Randall Park’s Upcoming Film is Everything I’ve Ever Wanted
More stories like this, please
Recently, writer Hua Hsu interviewed Randall Park about his upcoming directorial debut: the screen adaptation of Adrian Tomine’s graphic novel, Shortcomings. Yes, that’s a mouthful. But prepare yourself, because I’ve got a lot more to say about this exciting project.
Shortcomings is a story about a group of Asian friends in their late-twenties who are really going through it. They’re not great people, and they often make asses out of themselves, but it’s evident that they’re just trying their best, as is the twenty-something way. Think Reality Bytes, but with Asians who have Asian kid problems. Park discovered this book while he was in his early thirties, in a period of his life where the racism of the industry was starting to make him reconsider his path in life. He felt like if you weren’t a Daniel Dae Kim or a John Cho, then you were never going to be able to land even a guest appearance. Reading Shortcomings changed Park’s perspective entirely.
What is Shortcomings based on?
Shortcomings is a story that doen’t typecast young Asian Americans in the typical ways. They aren’t nerds, they aren’t “sirens.” They are just kids going through it. The protagonist, Ben, is an arrogant jerk who tries to act “above” his Asian-ness, yet can’t help but feel the effects of American racism.
Park was especially impressed with the very specific issues that Tomine touches on that we don’t often see in Asian media—because, let’s face it, it’s only recently that Hollywood has started giving us the space to actually portray our real lived experiences. Such issues include prioritizing white narratives, weird feelings about interracial relationships, and how it feels to be an “Asian bum” (i.e. not a doctor, not a lawyer, just sort of cruising around, aimless). They’re not always pretty, and they’re often upsetting things we have to deal with growing up. But all the same, I think it’s good to talk about them.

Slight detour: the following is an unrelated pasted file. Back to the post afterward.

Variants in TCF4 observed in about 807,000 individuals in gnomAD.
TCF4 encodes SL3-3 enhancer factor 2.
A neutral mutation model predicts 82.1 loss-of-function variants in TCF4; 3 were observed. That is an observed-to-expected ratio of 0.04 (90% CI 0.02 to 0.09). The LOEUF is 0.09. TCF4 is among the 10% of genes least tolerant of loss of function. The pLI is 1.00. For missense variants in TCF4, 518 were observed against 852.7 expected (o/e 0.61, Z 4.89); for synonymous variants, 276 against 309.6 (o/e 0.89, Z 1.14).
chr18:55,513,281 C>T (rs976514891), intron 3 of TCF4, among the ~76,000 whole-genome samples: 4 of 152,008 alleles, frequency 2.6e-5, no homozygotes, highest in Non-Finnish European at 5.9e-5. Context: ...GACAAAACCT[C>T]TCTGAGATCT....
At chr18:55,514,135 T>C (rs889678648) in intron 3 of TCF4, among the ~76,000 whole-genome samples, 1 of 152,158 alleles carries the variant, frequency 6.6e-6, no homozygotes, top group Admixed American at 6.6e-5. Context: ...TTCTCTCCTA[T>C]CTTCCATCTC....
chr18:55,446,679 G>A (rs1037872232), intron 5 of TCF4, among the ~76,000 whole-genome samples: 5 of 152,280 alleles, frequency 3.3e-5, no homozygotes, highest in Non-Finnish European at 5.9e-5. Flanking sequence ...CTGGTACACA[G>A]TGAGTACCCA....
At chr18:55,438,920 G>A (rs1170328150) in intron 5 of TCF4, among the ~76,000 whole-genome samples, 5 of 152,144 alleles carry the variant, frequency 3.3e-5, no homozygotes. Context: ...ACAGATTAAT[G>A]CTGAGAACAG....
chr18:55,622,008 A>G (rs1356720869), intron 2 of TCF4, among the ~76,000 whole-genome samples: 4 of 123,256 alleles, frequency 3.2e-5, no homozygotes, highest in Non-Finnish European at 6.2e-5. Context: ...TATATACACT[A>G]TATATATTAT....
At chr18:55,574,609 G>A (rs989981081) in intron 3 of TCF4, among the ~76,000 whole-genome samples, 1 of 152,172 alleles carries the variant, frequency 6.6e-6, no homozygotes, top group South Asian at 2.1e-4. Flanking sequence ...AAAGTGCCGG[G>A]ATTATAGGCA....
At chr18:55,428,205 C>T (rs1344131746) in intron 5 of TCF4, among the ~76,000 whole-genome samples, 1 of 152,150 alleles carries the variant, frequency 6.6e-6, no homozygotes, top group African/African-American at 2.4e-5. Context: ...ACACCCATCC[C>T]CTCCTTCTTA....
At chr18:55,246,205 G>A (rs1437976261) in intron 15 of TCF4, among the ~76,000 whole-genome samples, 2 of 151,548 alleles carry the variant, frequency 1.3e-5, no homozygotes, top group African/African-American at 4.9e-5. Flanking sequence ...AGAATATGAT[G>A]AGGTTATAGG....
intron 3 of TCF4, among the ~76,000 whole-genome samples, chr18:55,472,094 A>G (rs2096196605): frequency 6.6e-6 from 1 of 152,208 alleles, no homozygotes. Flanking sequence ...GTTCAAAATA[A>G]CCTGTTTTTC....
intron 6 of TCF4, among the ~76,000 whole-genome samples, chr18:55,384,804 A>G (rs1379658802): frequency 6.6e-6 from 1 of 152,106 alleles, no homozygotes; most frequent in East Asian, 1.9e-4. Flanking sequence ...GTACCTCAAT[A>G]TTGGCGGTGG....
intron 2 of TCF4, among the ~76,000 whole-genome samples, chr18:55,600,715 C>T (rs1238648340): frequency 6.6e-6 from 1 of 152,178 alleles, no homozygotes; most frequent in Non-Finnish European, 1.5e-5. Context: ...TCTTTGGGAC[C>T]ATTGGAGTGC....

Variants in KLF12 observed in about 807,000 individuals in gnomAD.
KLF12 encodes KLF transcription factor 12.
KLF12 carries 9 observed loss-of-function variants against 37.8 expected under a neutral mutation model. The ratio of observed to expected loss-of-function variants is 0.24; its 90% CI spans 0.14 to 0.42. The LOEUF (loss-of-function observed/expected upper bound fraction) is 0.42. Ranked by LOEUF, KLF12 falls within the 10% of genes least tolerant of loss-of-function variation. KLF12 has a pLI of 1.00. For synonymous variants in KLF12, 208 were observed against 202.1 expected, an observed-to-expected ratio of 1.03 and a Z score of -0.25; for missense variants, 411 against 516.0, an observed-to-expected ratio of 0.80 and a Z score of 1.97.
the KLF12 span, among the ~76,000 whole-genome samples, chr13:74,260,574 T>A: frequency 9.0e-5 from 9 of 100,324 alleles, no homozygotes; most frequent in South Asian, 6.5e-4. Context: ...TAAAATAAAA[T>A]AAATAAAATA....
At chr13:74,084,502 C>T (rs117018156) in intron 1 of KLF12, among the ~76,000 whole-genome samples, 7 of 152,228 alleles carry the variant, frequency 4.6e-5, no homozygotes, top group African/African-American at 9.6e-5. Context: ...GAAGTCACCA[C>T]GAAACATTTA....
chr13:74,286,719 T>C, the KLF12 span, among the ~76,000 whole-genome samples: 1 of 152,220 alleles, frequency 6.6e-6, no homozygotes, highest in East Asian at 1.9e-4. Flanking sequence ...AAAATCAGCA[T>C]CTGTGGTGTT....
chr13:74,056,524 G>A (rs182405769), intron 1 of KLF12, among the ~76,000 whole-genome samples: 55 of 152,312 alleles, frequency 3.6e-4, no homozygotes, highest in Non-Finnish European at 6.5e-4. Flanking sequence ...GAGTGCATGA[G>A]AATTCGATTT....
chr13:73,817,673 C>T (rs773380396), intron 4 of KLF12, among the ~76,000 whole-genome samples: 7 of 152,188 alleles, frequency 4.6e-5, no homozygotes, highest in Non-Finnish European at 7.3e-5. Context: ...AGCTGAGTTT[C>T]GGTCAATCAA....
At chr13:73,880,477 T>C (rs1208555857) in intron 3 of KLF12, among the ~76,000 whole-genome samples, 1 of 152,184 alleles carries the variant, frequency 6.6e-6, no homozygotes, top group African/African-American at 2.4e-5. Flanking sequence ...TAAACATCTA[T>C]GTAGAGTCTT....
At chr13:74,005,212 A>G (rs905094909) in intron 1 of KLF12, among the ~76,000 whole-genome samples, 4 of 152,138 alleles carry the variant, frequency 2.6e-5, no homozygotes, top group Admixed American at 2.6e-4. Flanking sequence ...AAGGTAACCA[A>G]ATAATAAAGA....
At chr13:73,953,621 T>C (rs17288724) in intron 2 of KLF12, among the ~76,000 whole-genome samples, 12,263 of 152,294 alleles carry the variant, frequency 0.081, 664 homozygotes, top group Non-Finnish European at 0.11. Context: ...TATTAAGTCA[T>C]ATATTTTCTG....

Already, off the bat, I’m in love with this concept and how Park’s own lived experiences will shape it. People who try to shut down race conversations in this country will often use the “It just isn’t that big of a deal” argument, but the thing they don’t get is that we WISH it wasn’t. We really do! Park was always gifted at acting, but the nature of the racial beast that is The Acting Biz made it incredibly hard for him to establish his career up to this point. Where the nepo babies of our age just have to smolder at their cameras, people like Park have had to hustle to an exhaustive degree just to be able to pitch their own material. Just look at the cast of Everything Everywhere All At Once—it took most of them a long time to be recognized for their talents!
However, in looking into Tomine’s work further, I only got more excited for this project. I didn’t realize that this was the Tomine who authored Optic Nerve: a comic series from the 90s featuring Asian Americans who go through situations that are largely autobiographical to Tomine’s own life. The man is immensely talented, with a knack for portraying subtleties of the human experience that often go unexamined by writers and artists. Bearing this in mind, it makes sense to me that Park loved Shortcomings as much as he did. It probably spoke to him in a way that nothing else out there really could.
When will Shortcomings come out?
Shortcomings premiered at Sundance this past January 21st and will likely hit theaters later this year. It will star the following fantastic cast:
- Justin H. Min as Ben, the surly protagonist
- Sherry Cola as Alice, his queer best friend
- Ally Maki as Miko, his girlfriend
- Debby Ryan as Sasha
- Tavi Gevinson as Autumn
- Sonoya Mizuno (<3333) as Meredith
- Jacob Batalon as Gene
- Timothy Simons as Leon
- Ronny Chieng and Stephanie Hsu as guests
I, myself, have always wanted to write a story that reflected Asian experiences that were close to my own heart. But it’s a difficult thing to do when there’s so much noise out there working against you. Reviews of the film thus far paint it as somewhat bland compared to the graphic novel, largely due to Park’s tonal style. Considering how genial and lighthearted Always Be My Maybe was, I don’t totally doubt this.
However, as a wise woman once told me, “Fuck it.” I still think variety is good. Regardless, I’m excited to see the film and talk about it more. Plus, come on, Randall Park is the homie–I’m proud of him!
(Featured Image: Adrian Tomine, via Drawn and Quarterly)
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